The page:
Herb latin name: Vitis parvifolia


Synonyms: Vitis flexuosa parvifolia


Family: Vitaceae (Grape Family)



Medicinal use of Vitis parvifolia:

The watery sap from the stems is dripped into the eyes to relieve inflammation.

Description of the plant:



Plant:
Deciduous
Climber

Flovering:
June
to July

Habitat of the herb:

Found at altitudes between 900 to 1800 metres in Jaunsar and Tehri Gerwhal in the Himalayas.

Edible parts of Vitis parvifolia:

Fruit - raw or dried for winter use. The fruit is rather small, about 7mm in diameter, but is carried in bunches which makes it easier to harvest. Young leaves are wrapped around other foods and then baked, they impart a pleasant flavour. Young tendrils - raw or cooked. Sap - used as a drink. Best harvested in the spring and early summer, the plant yields abundantly. Do not harvest too much, though, or you will weaken the plant.

Other uses of the herb:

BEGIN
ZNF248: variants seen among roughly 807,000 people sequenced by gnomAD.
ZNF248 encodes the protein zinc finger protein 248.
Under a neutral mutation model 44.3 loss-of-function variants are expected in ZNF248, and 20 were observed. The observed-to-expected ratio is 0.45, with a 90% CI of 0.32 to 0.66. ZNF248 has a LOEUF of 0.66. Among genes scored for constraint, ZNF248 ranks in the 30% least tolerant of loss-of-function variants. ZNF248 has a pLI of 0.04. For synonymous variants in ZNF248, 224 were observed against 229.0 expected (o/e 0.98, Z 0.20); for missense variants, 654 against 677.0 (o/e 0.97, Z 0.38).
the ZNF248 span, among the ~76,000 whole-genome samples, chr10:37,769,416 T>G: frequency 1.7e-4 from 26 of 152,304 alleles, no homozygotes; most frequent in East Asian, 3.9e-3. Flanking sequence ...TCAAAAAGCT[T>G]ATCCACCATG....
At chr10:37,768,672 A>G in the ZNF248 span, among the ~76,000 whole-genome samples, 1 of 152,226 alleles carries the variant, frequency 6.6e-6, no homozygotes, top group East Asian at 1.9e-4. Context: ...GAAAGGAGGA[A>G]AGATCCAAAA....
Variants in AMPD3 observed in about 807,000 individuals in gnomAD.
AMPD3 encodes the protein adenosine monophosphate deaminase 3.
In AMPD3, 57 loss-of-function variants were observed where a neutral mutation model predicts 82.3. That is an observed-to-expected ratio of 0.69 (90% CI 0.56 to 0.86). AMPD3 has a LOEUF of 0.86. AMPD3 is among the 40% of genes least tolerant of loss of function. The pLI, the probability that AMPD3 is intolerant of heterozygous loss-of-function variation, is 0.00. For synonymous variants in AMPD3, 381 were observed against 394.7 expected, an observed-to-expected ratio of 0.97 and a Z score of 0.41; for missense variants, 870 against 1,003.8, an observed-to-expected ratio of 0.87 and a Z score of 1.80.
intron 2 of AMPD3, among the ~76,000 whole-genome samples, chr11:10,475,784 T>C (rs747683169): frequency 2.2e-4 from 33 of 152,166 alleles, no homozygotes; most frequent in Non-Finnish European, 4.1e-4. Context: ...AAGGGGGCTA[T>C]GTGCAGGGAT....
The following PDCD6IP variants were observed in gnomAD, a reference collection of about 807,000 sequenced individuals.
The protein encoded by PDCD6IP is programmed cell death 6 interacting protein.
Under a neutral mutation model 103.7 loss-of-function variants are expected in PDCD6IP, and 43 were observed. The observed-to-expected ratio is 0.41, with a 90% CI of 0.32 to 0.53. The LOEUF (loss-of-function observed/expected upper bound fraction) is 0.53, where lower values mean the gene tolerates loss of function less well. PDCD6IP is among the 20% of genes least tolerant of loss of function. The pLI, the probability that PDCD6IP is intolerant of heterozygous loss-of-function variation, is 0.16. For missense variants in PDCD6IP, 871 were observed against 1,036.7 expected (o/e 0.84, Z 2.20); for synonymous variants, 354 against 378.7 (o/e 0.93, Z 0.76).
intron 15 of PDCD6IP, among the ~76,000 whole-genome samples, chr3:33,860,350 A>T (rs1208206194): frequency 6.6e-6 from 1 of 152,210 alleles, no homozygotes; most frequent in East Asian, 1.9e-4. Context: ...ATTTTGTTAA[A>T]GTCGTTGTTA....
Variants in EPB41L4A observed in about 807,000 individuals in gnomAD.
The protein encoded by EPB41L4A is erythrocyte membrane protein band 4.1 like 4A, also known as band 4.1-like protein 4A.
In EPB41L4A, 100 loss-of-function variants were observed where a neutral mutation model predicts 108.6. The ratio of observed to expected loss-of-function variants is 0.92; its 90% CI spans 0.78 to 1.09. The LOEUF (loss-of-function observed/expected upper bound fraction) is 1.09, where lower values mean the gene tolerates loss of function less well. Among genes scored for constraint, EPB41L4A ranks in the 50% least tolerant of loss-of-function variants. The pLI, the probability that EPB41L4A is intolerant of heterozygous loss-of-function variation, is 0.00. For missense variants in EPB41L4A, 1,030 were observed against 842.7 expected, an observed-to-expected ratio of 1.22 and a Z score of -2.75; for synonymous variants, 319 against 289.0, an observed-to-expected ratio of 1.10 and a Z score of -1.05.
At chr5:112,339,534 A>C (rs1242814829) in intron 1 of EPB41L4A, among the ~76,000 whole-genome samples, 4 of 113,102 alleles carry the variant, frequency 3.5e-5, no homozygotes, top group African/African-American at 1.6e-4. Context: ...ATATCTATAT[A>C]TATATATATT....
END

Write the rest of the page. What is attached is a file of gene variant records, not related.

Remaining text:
A yellow dye is obtained from the fresh or dried leaves.

Propagation of Vitis parvifolia:

Seed - best sown in a cold frame as soon as it is ripe. Six weeks cold stratification improves the germination rate, and so stored seed is best sown in a cold frame as soon as it is obtained. Germination should take place in the first spring, but sometimes takes another 12 months. Prick out the seedlings into individual pots when they are large enough to handle and grow them on in a cold frame for their first winter. Plant out in early summer. Cuttings of mature wood of the current seasons growth, December/January in a frame. These cuttings can be of wood 15 - 30cm long or they can be of short sections of the stem about 5cm long with just one bud at the top of the section. In this case a thin, narrow strip of the bark about 3cm long is removed from the bottom half of the side of the stem. This will encourage callusing and the formation of roots. Due to the size of these cuttings they need to be kept in a more protected environment than the longer cuttings. Layering.

Cultivation of the herb:

Found at altitudes between 900 to 1800 metres in Jaunsar and Tehri Gerwhal in the Himalayas.

Known hazards of Vitis parvifolia:

None known

Plant information taken from the Plants For A Future.